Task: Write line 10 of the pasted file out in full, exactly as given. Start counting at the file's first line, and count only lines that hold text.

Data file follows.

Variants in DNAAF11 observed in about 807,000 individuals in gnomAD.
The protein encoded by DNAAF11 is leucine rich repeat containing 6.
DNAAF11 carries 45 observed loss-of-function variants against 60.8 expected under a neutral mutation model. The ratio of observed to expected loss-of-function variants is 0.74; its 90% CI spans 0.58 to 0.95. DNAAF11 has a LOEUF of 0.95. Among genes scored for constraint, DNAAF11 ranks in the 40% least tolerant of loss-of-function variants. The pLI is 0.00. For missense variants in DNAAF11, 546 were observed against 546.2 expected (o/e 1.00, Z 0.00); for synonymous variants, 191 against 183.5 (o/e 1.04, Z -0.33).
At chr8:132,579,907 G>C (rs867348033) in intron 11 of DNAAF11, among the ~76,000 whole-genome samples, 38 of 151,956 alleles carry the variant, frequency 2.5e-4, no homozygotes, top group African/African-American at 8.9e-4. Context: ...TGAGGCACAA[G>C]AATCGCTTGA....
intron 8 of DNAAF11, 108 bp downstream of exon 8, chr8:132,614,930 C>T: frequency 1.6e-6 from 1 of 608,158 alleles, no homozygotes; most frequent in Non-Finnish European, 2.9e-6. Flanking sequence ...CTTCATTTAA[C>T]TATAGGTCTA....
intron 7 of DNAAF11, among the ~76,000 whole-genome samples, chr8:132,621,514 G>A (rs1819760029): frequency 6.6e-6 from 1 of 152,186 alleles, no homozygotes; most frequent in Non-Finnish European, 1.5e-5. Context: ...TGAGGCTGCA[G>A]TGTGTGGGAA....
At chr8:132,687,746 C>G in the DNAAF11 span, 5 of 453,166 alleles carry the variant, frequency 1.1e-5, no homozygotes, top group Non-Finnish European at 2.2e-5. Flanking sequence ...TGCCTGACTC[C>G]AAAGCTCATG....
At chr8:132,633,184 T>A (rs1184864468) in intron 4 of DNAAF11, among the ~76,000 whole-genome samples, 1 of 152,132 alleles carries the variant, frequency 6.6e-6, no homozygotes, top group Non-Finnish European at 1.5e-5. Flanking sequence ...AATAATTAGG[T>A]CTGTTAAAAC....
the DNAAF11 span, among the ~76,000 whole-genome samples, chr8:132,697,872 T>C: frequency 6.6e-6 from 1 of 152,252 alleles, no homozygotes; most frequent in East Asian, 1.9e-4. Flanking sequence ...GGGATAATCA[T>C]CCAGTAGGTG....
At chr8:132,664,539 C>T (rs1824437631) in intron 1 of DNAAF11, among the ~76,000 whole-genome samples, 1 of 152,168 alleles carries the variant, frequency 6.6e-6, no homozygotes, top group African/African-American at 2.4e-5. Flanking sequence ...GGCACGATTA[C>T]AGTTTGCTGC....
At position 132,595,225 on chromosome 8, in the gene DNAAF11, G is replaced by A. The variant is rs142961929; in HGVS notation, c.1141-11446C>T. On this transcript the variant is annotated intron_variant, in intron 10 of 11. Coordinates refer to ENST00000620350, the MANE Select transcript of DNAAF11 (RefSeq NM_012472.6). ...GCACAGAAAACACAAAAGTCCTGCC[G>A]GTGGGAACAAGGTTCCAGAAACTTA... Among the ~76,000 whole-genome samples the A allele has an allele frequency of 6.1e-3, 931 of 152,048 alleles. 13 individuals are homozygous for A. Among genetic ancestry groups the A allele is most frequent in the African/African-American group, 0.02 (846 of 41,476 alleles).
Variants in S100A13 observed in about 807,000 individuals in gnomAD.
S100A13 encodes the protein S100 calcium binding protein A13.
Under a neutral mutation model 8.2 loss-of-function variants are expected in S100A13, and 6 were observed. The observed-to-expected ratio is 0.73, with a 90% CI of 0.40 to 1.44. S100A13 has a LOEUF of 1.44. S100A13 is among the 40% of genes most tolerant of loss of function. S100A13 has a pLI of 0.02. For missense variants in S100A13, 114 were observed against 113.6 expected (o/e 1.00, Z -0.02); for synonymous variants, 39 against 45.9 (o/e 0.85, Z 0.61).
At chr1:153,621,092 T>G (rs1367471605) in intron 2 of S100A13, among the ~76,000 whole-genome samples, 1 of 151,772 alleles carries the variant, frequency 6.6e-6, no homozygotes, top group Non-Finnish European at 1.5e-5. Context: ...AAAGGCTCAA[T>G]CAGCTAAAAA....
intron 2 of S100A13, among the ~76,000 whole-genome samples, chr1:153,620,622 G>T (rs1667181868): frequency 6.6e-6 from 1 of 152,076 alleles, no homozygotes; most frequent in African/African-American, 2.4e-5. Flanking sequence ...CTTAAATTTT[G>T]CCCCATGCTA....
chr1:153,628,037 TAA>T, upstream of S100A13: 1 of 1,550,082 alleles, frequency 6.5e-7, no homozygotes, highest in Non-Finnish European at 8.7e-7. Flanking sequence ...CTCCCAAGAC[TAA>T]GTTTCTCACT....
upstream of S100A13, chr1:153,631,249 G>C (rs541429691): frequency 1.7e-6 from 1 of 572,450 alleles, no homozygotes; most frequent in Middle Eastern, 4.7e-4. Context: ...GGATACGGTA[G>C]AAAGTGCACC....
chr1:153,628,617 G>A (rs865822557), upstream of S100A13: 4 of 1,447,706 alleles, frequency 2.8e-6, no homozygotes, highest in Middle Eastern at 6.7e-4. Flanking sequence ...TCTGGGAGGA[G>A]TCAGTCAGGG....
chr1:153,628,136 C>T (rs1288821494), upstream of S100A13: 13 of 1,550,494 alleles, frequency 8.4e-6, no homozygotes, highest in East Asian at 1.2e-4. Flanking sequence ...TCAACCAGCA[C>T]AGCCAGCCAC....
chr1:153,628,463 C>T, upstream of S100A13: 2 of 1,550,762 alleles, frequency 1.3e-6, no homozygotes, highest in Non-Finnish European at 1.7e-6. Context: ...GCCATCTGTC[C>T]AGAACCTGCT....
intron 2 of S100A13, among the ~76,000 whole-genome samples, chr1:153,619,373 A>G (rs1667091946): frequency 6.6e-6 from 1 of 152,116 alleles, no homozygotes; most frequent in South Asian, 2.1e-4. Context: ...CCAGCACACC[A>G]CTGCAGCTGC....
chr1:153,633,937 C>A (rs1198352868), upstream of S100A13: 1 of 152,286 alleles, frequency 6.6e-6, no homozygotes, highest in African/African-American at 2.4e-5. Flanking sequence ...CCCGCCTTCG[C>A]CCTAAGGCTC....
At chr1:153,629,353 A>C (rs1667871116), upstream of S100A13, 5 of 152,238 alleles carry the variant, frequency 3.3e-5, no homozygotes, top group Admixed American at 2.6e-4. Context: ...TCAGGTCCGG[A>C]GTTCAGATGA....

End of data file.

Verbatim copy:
At chr8:132,664,539 C>T (rs1824437631) in intron 1 of DNAAF11, among the ~76,000 whole-genome samples, 1 of 152,168 alleles carries the variant, frequency 6.6e-6, no homozygotes, top group African/African-American at 2.4e-5. Flanking sequence ...GGCACGATTA[C>T]AGTTTGCTGC....